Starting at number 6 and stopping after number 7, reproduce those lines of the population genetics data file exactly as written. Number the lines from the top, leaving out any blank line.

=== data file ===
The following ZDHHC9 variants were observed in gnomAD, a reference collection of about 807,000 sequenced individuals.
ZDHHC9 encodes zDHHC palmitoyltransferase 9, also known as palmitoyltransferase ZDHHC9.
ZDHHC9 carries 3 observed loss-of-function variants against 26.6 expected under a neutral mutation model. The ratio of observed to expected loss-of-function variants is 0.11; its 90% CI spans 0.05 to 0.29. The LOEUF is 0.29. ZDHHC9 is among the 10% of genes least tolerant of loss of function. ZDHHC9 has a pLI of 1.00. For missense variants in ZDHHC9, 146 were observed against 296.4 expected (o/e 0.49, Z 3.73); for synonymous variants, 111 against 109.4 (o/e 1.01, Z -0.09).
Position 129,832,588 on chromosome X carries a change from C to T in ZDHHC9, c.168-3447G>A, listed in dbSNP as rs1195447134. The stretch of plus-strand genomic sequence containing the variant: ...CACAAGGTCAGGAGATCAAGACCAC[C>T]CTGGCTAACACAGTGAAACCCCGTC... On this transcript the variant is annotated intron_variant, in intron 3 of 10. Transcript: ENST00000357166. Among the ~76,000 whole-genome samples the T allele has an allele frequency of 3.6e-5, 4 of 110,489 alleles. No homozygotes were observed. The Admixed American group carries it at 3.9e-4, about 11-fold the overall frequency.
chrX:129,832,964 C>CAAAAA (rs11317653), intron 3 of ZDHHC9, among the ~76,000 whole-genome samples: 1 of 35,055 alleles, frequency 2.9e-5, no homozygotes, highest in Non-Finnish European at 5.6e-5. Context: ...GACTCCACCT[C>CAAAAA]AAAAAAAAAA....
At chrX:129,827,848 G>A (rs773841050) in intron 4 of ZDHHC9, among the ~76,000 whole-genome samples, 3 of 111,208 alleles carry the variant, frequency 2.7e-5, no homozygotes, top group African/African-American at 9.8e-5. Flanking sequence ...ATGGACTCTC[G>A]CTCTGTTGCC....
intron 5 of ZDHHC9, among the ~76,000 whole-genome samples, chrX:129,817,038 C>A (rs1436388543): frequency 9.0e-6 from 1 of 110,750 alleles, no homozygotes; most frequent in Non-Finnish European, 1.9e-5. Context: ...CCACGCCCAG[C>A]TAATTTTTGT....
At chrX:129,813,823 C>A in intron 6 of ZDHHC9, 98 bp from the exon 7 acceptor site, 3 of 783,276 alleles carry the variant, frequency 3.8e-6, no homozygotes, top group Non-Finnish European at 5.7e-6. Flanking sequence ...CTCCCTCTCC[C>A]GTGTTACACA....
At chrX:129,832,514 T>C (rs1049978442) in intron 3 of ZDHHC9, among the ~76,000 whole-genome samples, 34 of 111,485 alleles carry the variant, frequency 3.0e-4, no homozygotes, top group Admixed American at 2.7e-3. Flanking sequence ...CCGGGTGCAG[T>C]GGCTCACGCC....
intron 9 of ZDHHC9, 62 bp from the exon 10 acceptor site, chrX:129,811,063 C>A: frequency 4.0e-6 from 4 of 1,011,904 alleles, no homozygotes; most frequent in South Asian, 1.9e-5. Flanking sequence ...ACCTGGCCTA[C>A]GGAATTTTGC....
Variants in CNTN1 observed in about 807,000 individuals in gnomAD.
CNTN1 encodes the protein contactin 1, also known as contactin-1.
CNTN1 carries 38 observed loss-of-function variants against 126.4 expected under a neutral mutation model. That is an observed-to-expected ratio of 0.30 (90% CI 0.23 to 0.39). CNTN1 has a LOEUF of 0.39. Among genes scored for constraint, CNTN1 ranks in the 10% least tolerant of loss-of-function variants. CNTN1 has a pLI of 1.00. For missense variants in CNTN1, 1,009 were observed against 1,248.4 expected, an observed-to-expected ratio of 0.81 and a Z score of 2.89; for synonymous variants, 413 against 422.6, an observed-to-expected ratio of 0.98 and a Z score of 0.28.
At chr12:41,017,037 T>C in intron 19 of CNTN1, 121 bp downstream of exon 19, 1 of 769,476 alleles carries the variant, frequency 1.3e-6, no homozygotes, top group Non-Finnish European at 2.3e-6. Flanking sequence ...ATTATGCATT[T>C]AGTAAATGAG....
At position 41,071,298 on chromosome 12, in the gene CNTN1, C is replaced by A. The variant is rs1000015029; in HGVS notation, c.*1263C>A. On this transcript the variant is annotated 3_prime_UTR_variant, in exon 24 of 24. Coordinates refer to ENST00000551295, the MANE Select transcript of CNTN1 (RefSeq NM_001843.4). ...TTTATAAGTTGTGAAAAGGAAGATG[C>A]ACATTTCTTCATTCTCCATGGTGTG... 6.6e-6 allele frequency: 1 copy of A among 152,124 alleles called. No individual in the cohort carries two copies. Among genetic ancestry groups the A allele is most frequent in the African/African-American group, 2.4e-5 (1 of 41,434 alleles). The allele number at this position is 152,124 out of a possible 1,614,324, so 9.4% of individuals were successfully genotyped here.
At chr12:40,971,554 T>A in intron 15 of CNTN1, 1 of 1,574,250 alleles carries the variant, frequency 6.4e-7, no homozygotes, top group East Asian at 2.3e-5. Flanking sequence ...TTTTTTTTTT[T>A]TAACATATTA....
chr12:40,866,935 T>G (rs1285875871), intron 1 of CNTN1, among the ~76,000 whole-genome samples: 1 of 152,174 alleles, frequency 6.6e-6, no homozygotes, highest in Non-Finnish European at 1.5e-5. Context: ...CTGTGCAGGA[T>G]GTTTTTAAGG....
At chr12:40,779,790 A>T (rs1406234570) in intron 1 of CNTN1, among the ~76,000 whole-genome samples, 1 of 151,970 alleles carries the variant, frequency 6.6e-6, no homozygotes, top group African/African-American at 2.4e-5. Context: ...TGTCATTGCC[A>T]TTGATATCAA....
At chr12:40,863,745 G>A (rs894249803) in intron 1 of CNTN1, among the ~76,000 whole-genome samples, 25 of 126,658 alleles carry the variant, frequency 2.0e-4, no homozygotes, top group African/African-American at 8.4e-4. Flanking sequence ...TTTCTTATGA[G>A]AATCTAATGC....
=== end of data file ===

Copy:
At chrX:129,827,848 G>A (rs773841050) in intron 4 of ZDHHC9, among the ~76,000 whole-genome samples, 3 of 111,208 alleles carry the variant, frequency 2.7e-5, no homozygotes, top group African/African-American at 9.8e-5. Flanking sequence ...ATGGACTCTC[G>A]CTCTGTTGCC....
intron 5 of ZDHHC9, among the ~76,000 whole-genome samples, chrX:129,817,038 C>A (rs1436388543): frequency 9.0e-6 from 1 of 110,750 alleles, no homozygotes; most frequent in Non-Finnish European, 1.9e-5. Context: ...CCACGCCCAG[C>A]TAATTTTTGT....